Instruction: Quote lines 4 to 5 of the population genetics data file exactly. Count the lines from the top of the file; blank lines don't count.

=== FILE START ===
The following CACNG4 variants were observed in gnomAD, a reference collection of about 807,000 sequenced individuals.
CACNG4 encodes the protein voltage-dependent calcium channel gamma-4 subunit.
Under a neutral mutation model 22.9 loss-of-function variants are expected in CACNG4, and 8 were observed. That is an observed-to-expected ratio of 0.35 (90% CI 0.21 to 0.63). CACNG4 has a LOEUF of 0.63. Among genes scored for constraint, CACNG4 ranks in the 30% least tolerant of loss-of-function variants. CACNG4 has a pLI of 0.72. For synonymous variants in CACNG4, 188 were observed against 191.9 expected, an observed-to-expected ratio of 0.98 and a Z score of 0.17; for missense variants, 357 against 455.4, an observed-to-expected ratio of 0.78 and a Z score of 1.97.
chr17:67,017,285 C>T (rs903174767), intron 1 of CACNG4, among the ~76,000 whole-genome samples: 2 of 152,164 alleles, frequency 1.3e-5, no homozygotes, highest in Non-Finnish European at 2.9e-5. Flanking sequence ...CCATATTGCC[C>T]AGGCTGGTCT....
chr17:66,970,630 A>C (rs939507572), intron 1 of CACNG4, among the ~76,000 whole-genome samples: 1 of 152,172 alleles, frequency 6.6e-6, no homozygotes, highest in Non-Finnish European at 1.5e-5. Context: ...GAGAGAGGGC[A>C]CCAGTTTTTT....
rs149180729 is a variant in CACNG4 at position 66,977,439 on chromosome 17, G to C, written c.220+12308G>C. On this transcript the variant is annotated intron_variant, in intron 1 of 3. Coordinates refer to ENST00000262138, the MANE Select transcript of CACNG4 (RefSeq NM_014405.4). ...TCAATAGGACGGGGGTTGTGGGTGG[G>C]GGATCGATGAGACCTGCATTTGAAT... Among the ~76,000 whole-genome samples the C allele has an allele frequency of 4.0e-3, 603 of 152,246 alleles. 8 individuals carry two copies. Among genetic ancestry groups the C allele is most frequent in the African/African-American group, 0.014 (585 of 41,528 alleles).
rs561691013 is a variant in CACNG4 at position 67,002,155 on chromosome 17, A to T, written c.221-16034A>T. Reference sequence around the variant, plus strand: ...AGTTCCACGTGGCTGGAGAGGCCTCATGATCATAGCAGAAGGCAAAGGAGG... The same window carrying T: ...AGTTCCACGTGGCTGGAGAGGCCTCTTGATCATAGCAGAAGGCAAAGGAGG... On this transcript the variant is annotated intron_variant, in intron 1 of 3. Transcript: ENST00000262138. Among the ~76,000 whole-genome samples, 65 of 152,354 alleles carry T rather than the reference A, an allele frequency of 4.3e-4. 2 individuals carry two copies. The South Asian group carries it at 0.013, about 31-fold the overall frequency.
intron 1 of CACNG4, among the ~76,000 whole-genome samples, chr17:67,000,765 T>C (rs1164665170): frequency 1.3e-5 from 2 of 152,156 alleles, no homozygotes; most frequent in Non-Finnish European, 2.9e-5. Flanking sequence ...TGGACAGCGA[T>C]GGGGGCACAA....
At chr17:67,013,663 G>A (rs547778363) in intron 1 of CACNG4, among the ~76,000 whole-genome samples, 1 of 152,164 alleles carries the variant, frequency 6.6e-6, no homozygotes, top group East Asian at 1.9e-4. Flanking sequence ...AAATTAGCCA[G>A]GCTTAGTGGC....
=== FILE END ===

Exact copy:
chr17:67,017,285 C>T (rs903174767), intron 1 of CACNG4, among the ~76,000 whole-genome samples: 2 of 152,164 alleles, frequency 1.3e-5, no homozygotes, highest in Non-Finnish European at 2.9e-5. Flanking sequence ...CCATATTGCC[C>T]AGGCTGGTCT....
chr17:66,970,630 A>C (rs939507572), intron 1 of CACNG4, among the ~76,000 whole-genome samples: 1 of 152,172 alleles, frequency 6.6e-6, no homozygotes, highest in Non-Finnish European at 1.5e-5. Context: ...GAGAGAGGGC[A>C]CCAGTTTTTT....